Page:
According to state records, not a single Banks resident testified in favor of the ban.

An April 19 meeting on the matter was the longest public hearing on a proposed rule ODE Legal Coordinator Cindy Hunt said she has ever witnessed.

'Our kids and our community put on a good fight,' said Jim Smith, principal of Banks High School.

Smith said getting kids involved in government was a great learning opportunity, even if though they didn't prevail.

Discrimination concerns drove ban

From the outset of the renewed discussions earlier this year, a majority of the members of the Board of Education - citing nondiscrimination laws as well as numerous academic studies - have supported eliminating the longstanding practice in some school districts of branding their athletic teams as Indians, Braves, Chiefs and other similar names.

In Scappoose, many community members have expressed passion to be members of the Scappoose High School Indians 'tribe.' They say the mascot - currently depicted as a muscular, shirtless man with a feathered headdress and stern gaze - is meant to honor, not disrespect, Native culture. The Scappoose name itself is said to be a Chinook Indian Nation word translated to mean either 'gravelly plains' or 'rocky creek.'

Scappoose school officials have mostly stood back from the debate, preferring to wait and see what the state decided. Scappoose High School Athletic Director Robert Medley said a positive attitude toward the change would go a long way in the school, especially for students.

Banks' Smith, who is Native American, argued against the ban during the board's deliberations, and criticized the board chair for testifying in favor of a ban before a vote took place.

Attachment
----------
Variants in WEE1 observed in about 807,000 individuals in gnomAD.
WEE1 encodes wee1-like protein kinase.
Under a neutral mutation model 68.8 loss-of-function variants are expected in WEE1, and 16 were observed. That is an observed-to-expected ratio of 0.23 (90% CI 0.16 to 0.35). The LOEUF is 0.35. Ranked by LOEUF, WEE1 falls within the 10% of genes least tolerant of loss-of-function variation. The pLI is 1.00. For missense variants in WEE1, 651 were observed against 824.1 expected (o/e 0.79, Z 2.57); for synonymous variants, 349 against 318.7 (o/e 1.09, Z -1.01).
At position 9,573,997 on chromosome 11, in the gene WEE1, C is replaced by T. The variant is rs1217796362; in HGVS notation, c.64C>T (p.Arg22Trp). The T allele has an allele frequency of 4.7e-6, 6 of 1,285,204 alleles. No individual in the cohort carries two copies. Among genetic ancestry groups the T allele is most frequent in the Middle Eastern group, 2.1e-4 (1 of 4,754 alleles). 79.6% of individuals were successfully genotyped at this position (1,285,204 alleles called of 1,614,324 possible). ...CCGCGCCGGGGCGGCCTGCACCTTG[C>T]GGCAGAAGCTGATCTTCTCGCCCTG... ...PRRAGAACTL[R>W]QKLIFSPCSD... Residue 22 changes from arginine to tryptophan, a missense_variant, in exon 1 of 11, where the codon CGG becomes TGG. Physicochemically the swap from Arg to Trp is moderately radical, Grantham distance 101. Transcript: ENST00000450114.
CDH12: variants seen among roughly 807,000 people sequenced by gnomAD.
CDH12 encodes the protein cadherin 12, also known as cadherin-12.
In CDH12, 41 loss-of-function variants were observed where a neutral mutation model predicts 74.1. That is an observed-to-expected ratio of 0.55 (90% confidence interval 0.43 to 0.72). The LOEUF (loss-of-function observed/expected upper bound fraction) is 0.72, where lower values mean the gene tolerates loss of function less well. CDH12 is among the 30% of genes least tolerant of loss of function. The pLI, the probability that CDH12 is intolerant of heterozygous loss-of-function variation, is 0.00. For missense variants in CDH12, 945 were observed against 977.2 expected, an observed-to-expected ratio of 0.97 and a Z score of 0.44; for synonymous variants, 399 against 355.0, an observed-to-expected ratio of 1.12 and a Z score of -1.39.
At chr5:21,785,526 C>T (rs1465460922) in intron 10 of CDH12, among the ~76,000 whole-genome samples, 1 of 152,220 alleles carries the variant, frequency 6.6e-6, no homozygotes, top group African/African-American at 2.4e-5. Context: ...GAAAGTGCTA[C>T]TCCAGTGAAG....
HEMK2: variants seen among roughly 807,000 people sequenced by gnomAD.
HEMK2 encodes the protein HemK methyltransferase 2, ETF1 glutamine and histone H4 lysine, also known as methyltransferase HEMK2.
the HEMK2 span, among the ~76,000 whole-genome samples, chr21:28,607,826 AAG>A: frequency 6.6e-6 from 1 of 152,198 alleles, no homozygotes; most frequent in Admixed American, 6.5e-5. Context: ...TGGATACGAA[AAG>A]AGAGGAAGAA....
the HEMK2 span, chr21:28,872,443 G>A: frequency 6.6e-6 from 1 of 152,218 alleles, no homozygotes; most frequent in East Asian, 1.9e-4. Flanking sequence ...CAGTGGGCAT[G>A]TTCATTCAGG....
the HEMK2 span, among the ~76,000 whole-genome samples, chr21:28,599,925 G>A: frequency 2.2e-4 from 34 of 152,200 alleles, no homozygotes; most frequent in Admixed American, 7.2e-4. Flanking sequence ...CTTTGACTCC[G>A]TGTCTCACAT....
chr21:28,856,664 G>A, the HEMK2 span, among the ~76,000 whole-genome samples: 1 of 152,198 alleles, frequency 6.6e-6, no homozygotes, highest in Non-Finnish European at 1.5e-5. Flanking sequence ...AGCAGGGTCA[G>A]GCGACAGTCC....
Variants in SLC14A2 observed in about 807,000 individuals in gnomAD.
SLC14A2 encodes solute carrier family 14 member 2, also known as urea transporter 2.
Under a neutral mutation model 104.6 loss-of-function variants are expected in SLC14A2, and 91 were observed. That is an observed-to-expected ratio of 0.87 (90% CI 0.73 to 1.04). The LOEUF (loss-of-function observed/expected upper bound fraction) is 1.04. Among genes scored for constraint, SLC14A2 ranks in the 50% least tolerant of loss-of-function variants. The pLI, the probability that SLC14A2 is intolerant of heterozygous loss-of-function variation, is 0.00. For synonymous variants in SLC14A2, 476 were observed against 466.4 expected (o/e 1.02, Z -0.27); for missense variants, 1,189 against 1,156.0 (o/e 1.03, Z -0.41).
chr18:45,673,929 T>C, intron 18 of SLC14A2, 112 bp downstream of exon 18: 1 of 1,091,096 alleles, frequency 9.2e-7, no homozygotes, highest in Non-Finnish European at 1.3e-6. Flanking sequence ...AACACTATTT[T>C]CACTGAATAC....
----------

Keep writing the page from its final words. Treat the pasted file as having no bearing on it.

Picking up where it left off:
Second time around

The conversation over the appropriateness of race-based mascots has occurred in the state before, notably in late 2006 when then-Taft High School student and Siletz Tribal member Che Butler, along with his sister Luhui Whitebear, asked the education board to work toward disallowing schools' use of race-based mascots. Butler said he was distressed after his younger brother witnessed a halftime show at a Molalla Indians game where a Native American child had a target painted on his chest.

Butler is now a Chemeketa Community College student. That school changed its Chiefs mascot to 'Storm' in 1998. No public colleges in Oregon currently use American Indian mascots.

A non-binding 2007 ODE advisory committee recommendation for public schools to cease using American Indian mascots and logos went virtually ignored by the 15 high schools that had such icons.

Now, the penalty for bucking the mandate would be a loss of state funding, an unfeasible scenario for public schools.

But the change will also likely carry a steep cost. The Scappoose School District has not identified what the price would be to rebrand its high school. The larger Roseburg School District estimated in 2007 it cost about $345,650 to change its high school mascot from the Indians, significantly more than Banks expects to pay.

Education board members said the five-year time window for schools to retire their mascots was set to help districts make a smooth transition.

'The time for change has come,' said board member Samuel Henry.